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The Louisiana State Arthropod Museum (LSAM) is housed on the 5th floor of the Life Sciences Building on the main campus of LSU. It is part of the Department of Entomology and is a component collection of the Louisiana Museum of Natural History. The LSAM contains approximately 500,000 specimens of insects and related arthropods. This includes 280,000 pinned, 18,000 fluid-preserved and 30,000 slide-mounted specimens. Uncurated specimens in various stages of processing vary through time from 50,000 to 100,000. The LSAM is the principal repository for insects and related arthropods in Louisiana. Significant strengths of the collection include Coleoptera (51%) and Hemiptera (28%). Lepidoptera (6%), Diptera (6%) and Hymenoptera (4%) and other orders (5%) make up the balance of the collection. The collection contains 747 paratypes, one syntype, one allotype and one holotype. Primary types described by LSAM researchers are normally deposited in dedicated type repositories (e.g., the U. S. National Museum, Field Museum of Natural History, etc.). The majority of specimens are from southeastern United States, and most of the remainder are from elsewhere in North America, Mexico and Central and South America. Recent expeditions have added specimens, mainly Coleoptera from West Africa (Ghana) and New Zealand.
A species-level inventory of curated specimens is approximately 80% complete. Completed portions are available via hard copy, text files (that can be sent via e-mail). Specimen data are being captured using R. Colwell's Biota
(Sinauer Associates) software package. Our current computerization priority is data capture related to current research projects. Retroactive data capture will be accomplished as data entry resources become available. Specimens are available for loans to researchers following normal institutional loan guidelines (contact the Curator
for details). Specialists are encouraged to borrow and identify undetermined material in exchange for retention of duplicate exemplars.Growth
. The Life Sciences Building opened in 1971, and the former director, Joan Chapin, who designed the space, was told there would be expansion room within the next 10 years. However, it was not until 25 years later, after Dr. Chapin retired and Chris Carlton became director, that additional space was made available. In 1996 the LSAM expanded into a renovated adjacent laboratory, which brought the total floor area to approximately 2,000 square feet. In 1997 the LSAM received an enhancement grant from the Louisiana Board of Regents that provided for the purchase of new cabinetry, laboratory workbenches, a microscope and curatorial equipment and supplies. As a result, we initiated a major new phase of growth focusing on poorly represented habitats in Louisiana and adjacent states and improving our collections of taxa from the neotropical region that are relevant to the research interests of the faculty and staff.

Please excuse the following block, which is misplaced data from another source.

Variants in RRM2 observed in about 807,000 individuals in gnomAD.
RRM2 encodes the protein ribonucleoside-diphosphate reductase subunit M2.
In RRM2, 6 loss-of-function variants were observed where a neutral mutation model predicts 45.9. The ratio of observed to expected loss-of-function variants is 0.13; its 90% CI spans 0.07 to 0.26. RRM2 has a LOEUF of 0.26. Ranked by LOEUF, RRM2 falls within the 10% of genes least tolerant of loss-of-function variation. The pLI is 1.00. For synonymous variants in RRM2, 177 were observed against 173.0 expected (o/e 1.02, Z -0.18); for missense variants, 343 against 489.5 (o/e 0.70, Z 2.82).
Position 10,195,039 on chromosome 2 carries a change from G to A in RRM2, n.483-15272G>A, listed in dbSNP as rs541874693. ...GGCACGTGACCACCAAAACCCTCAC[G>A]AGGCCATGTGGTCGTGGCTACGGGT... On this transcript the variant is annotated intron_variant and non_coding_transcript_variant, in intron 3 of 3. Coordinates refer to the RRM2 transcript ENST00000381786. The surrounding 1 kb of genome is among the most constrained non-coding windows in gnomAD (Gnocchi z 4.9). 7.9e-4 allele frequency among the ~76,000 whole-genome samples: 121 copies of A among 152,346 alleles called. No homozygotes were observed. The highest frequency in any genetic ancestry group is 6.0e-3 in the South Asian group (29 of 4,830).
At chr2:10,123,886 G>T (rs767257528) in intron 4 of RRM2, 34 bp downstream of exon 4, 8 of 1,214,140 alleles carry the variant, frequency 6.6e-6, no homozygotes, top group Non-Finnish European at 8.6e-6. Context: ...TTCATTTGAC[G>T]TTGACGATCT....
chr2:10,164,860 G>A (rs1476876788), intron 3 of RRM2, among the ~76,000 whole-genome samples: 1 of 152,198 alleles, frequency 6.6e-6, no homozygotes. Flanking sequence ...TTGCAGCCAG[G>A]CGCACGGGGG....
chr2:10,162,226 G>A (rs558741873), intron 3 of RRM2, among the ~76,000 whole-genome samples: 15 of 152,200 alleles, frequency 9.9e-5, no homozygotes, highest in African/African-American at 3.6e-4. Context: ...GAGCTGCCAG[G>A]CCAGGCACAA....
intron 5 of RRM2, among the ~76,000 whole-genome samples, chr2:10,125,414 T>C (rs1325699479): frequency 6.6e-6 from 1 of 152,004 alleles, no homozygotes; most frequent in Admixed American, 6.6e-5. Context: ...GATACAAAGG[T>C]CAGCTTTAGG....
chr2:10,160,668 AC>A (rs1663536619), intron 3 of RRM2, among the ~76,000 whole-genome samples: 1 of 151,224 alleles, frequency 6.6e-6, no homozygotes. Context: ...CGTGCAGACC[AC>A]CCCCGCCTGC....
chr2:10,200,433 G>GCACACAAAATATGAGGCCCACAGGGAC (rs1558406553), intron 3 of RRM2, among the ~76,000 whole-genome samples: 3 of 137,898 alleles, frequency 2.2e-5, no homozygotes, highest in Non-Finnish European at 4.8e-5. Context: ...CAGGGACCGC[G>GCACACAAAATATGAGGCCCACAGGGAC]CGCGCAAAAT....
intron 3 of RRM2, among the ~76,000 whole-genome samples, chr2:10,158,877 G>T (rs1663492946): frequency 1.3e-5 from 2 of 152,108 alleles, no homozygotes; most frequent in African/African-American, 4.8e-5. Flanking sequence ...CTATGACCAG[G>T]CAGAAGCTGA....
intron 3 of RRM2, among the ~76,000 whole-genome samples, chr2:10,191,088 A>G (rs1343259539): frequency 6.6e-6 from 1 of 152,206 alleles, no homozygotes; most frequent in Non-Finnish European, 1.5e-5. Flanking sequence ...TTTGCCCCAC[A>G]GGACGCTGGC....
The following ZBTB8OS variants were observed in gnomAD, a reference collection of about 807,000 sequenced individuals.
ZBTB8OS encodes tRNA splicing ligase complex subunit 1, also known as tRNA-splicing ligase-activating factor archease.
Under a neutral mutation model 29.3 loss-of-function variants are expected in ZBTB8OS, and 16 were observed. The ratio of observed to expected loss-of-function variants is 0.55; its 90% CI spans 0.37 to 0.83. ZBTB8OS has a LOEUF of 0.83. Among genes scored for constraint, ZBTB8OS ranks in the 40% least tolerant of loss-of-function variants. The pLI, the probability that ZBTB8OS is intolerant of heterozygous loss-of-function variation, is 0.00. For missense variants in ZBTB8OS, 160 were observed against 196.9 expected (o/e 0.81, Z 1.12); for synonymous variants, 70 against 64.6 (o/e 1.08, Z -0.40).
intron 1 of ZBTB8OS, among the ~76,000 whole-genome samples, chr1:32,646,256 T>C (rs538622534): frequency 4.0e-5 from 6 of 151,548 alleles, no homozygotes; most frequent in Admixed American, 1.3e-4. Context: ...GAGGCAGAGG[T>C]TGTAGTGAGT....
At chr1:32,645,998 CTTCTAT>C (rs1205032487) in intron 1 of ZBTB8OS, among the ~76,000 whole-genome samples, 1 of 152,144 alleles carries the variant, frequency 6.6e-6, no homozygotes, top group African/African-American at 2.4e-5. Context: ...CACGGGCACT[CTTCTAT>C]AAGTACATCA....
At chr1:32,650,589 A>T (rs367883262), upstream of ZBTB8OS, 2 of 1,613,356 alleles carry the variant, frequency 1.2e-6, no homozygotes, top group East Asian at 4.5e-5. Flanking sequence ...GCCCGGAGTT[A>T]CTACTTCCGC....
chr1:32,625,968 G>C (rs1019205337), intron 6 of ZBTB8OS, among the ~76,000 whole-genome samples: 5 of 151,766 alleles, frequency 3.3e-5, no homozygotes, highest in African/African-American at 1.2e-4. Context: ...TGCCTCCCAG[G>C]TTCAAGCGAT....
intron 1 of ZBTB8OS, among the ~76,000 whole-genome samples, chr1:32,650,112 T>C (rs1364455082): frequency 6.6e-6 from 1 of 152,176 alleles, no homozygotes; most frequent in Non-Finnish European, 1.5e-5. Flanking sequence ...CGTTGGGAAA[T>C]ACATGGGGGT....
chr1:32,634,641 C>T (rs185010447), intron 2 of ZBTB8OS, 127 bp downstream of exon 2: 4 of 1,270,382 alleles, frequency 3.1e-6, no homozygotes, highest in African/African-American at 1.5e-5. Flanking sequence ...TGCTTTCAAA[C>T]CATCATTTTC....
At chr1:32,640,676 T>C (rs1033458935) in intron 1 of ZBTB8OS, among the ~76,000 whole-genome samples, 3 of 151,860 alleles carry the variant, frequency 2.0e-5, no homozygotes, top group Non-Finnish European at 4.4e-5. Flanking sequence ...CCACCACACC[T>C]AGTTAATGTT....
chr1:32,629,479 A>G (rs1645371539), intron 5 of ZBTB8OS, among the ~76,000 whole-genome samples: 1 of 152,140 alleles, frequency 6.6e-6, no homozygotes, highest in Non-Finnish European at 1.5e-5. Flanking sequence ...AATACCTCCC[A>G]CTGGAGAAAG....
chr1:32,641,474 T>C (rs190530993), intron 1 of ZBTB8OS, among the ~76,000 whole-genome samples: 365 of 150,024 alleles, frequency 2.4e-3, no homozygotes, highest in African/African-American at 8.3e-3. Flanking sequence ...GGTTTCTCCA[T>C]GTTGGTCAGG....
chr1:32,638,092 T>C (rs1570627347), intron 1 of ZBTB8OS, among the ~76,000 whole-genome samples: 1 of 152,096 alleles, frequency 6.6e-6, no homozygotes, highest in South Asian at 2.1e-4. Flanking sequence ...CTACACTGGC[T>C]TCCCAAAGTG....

During the spring of 2001, the long awaited Life Science Annex was opened. The rice entomology lab moved into the new building, and we inherited their space. As a result the LSAM added 2,000 square feet, bringing our total floor space to approximately 4,000 square feet. Thanks to renovation funds from the LSU College of Agriculture and the LSU AgCenter, we took down walls, opened new doorways and removed unnecessary sinks and lab benches. We now have a modern, spacious museum and research complex on par with any university-based collection to go with our dedicated team of insect systematists and conservation biologists.
The museum's current phase of growth has been fueled in large part by specimens acquired during domestic fieldwork in Louisiana and elsewhere in the southeastern United States and recent foreign expeditions to Ghana, Ecuador, Costa Rica and New Zealand. We have also received significant contributions through donations of private collections. Between 2002 and 2007, Vernon Brou, an avocational insect collector in Abita Springs, donated approximately 34,000 specimens of Lepidoptera and other insects from his world renowned Lepidoptera collection. For several years we have also received significant contributions of Odonata from William Mauffray of the International Odonata Research Institute
in Gainesville, Fla., and Gayle Strickland, local collector and expert insect photographer.Service and research emphasis
. The LSAM serves the public of the State of Louisiana by providing identifications of insects and related arthropods and serving as a clearinghouse for information to homeowners, agriculturalists and educational institutions. Research conducted by LSAM scientists focuses on systematics and comparative diversity of insects in habitats throughout Louisiana, the adjacent Gulf Coastal Plain, the southern Appalachian Mountains and circum-Caribbean region. Specialized systematic projects of the staff and students focus on Coleoptera on a global scale.